If you are planning to travel in Italy, I recommend taking a minidictionary with you. Sure, you can probably Google the translation of a word if you need to, but this assumes you have access to wifi when you need it or you are okay with incurring roaming data charges while you look up the meaning of “gamberetti” on your cell phone before ordering at a restaurant in Siracusa.
I took the Oxford Italian Minidictionary with me during my three visits to Italy. It was a handy tool that fit in my pocket and provided quick access to the meanings of the many strange words I encountered during my travels. Even if you are relatively competent in Italian, you are likely to encounter words that you have never heard before. A pocket-sized dictionary can help bridge the gap between what you have learned and what you will actually encounter in Italy.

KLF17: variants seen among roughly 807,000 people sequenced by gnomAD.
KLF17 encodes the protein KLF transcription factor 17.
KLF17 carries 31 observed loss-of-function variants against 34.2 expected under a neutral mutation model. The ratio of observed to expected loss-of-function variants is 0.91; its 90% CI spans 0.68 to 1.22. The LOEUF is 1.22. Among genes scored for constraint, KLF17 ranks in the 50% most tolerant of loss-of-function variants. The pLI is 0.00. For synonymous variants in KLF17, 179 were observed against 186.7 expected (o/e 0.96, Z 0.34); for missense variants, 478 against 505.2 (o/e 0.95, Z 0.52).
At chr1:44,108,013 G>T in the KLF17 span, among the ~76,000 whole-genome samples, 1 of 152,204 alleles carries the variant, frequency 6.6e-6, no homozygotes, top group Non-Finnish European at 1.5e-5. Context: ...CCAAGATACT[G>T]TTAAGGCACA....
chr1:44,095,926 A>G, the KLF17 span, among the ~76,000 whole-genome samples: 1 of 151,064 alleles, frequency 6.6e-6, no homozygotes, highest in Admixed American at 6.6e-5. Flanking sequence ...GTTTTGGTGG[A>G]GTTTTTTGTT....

Many of the business owners in the popular tourist places speak some English. However, if you are learning Italian, why not try to speak their language, instead of insisting they speak yours? After all, you are the visitor to their homeland.
I like the Oxford Italian Minidictionary because of its size (about an inch thick and 3 inches tall) and its content. Along with thousands of words and definitions, it has a list of helpful phrases in the middle of the book separating the the Italian to English section from the English to Italian section. This small investment will reap big rewards in your Italian adventure.